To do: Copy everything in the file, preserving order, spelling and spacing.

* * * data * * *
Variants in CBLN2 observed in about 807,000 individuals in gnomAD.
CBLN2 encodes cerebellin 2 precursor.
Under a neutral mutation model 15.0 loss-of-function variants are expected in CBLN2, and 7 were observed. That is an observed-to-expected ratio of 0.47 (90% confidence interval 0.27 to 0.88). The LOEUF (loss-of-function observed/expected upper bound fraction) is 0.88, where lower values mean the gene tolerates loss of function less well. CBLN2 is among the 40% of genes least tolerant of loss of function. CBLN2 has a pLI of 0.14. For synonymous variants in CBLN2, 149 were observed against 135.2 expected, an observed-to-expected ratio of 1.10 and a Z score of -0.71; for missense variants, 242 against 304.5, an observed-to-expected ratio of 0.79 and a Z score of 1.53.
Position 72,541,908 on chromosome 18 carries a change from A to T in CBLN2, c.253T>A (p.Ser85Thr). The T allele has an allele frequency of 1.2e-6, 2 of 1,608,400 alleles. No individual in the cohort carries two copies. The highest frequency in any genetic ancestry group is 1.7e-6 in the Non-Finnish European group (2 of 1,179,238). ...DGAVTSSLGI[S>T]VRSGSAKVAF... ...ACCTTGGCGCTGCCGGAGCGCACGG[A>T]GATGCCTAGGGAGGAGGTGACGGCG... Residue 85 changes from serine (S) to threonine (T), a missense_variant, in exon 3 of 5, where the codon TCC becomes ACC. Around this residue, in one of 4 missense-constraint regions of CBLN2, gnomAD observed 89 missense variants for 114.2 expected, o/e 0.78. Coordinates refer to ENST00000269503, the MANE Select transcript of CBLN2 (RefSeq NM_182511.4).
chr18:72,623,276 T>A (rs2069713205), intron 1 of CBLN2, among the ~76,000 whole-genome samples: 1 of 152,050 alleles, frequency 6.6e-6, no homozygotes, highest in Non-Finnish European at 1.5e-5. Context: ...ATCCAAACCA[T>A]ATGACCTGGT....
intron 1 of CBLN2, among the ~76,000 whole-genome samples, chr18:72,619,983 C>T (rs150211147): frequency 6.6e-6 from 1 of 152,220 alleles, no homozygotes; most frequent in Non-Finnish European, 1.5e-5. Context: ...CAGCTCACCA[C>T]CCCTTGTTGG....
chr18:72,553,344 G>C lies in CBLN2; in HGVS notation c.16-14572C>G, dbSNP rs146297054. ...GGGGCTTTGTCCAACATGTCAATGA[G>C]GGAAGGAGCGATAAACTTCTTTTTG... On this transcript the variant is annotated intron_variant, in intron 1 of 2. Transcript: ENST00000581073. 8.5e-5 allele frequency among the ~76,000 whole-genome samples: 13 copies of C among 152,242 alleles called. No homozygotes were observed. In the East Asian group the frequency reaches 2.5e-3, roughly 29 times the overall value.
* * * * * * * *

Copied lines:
Variants in CBLN2 observed in about 807,000 individuals in gnomAD.
CBLN2 encodes cerebellin 2 precursor.
Under a neutral mutation model 15.0 loss-of-function variants are expected in CBLN2, and 7 were observed. That is an observed-to-expected ratio of 0.47 (90% confidence interval 0.27 to 0.88). The LOEUF (loss-of-function observed/expected upper bound fraction) is 0.88, where lower values mean the gene tolerates loss of function less well. CBLN2 is among the 40% of genes least tolerant of loss of function. CBLN2 has a pLI of 0.14. For synonymous variants in CBLN2, 149 were observed against 135.2 expected, an observed-to-expected ratio of 1.10 and a Z score of -0.71; for missense variants, 242 against 304.5, an observed-to-expected ratio of 0.79 and a Z score of 1.53.
Position 72,541,908 on chromosome 18 carries a change from A to T in CBLN2, c.253T>A (p.Ser85Thr). The T allele has an allele frequency of 1.2e-6, 2 of 1,608,400 alleles. No individual in the cohort carries two copies. The highest frequency in any genetic ancestry group is 1.7e-6 in the Non-Finnish European group (2 of 1,179,238). ...DGAVTSSLGI[S>T]VRSGSAKVAF... ...ACCTTGGCGCTGCCGGAGCGCACGG[A>T]GATGCCTAGGGAGGAGGTGACGGCG... Residue 85 changes from serine (S) to threonine (T), a missense_variant, in exon 3 of 5, where the codon TCC becomes ACC. Around this residue, in one of 4 missense-constraint regions of CBLN2, gnomAD observed 89 missense variants for 114.2 expected, o/e 0.78. Coordinates refer to ENST00000269503, the MANE Select transcript of CBLN2 (RefSeq NM_182511.4).
chr18:72,623,276 T>A (rs2069713205), intron 1 of CBLN2, among the ~76,000 whole-genome samples: 1 of 152,050 alleles, frequency 6.6e-6, no homozygotes, highest in Non-Finnish European at 1.5e-5. Context: ...ATCCAAACCA[T>A]ATGACCTGGT....
intron 1 of CBLN2, among the ~76,000 whole-genome samples, chr18:72,619,983 C>T (rs150211147): frequency 6.6e-6 from 1 of 152,220 alleles, no homozygotes; most frequent in Non-Finnish European, 1.5e-5. Context: ...CAGCTCACCA[C>T]CCCTTGTTGG....
chr18:72,553,344 G>C lies in CBLN2; in HGVS notation c.16-14572C>G, dbSNP rs146297054. ...GGGGCTTTGTCCAACATGTCAATGA[G>C]GGAAGGAGCGATAAACTTCTTTTTG... On this transcript the variant is annotated intron_variant, in intron 1 of 2. Transcript: ENST00000581073. 8.5e-5 allele frequency among the ~76,000 whole-genome samples: 13 copies of C among 152,242 alleles called. No homozygotes were observed. In the East Asian group the frequency reaches 2.5e-3, roughly 29 times the overall value.